Just 8.25 million 1972 dated five cent coins were minted, which until the 2016 Decimal Currency 5c, was the lowest mintage for a circulating 5c coin. Because of this the 1972 coin has always been the “key date” of the series and keenly sought by collectors. If you happen to find a well circulated 1972 five cent in your change it might be worth $5 or so. However if you manage to find one in an old money box or coin collection that is lustrous and uncirculated like the day it was made, it could be worth $50 or more.

Australian 1966 Five Cents Upset Die Error

A very small number of 1966 dated five cent coins that were minted at the Royal Mint in London were made in a coin press with a loose obverse die. This resulted in what is known as upset coin errors where the head and tails sides of the coin are not properly aligned. We’ve only ever seen one or two of this error making it very scarce and valuing them at anywhere from $50 to $200. The value of this Australian five cent coin certainly makes it worth looking out for in your change!

2007 Double Obverse (Head) 5 Cent Coin

Australian 2007 Double Header/Obverse Five Cents

Operator error (or mischief) lead to some 2007 dated 5c coins being minted with two heads (obverse) dies. Somehow these double headers got into circulation and have been turning up in small numbers for the last 7 or 8 years. Each is worth $1,000 dollars or more and uncirculated examples often realise more than $2,000! One avid coin noodler has found several dozen 2007 double header five cent coins, a collection that is now worth a considerable sum.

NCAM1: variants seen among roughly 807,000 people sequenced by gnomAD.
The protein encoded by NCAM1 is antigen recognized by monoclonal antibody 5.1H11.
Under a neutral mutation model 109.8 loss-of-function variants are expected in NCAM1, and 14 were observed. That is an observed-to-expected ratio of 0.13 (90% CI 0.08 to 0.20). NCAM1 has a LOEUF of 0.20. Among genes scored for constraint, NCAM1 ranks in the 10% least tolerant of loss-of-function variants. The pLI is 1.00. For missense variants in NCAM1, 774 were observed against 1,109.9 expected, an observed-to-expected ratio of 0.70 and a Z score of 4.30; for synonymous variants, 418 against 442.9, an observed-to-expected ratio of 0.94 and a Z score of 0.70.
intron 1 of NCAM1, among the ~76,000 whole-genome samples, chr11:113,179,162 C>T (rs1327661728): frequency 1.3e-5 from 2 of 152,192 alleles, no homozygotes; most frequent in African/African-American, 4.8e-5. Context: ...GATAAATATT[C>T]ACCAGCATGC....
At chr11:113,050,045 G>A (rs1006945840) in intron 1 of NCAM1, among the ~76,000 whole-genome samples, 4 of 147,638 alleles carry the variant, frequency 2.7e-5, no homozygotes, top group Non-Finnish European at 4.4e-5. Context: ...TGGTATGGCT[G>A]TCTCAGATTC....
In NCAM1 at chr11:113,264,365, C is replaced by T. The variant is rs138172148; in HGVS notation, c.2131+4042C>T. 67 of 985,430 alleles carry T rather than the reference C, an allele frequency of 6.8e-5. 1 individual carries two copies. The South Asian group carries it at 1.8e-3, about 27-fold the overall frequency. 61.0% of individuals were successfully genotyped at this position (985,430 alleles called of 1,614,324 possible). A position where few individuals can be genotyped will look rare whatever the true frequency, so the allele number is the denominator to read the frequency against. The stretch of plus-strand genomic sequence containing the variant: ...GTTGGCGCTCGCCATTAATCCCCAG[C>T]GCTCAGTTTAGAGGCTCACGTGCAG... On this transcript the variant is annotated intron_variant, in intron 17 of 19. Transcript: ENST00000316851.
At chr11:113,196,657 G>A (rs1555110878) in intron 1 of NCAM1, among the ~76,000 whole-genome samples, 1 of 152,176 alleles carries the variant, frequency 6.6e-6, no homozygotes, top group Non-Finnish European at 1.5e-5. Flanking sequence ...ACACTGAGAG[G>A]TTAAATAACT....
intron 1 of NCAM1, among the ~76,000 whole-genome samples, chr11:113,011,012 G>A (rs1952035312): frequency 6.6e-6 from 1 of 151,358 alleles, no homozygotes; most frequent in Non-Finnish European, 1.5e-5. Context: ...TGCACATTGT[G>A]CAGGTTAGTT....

Australian 2016 Changeover Five Cents “Alien” Variety

At some point during the minting of the 2016 Changeover five cent coins one pair obverse and reverse dies tried to strike a coin when no coin blank was present. This resulted in the two dies hitting each other (or “clashing”) with the reverse die actually imprinting some of it’s design on the obverse die. From that point forward any coins struck by those dies has what looks like alien antennae sprouting from the top of the penny on the obverse design. This extra design element is due to the clashed dies. This distinctive and well sought after variety has sold for $300 or more and they are very rarely seen. Certainly a valuable five cent coin to keep your eye out for.

Posted in Collecting Coins, Investing in Coins

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Australian Numismatic Calendar

Current Coin Values, Bullion Prices and Exchange Rates

AUD $12.00
Australian 1966 Round 50c
AUD $718.05
Gold Sovereign
AUD $898.90
Australian $200 Gold Coin
AUD $35.14
Silver Price (per Oz)
AUD $3,050.06
Gold Price (per Oz)
USD $0.6557
Australian Dollar

These values are updated hourly using New York market prices. Coin values are purely the value of the gold or silver they contain and do not account for any numismatic value.
Prices Last Updated: 02:04 12 Dec 2023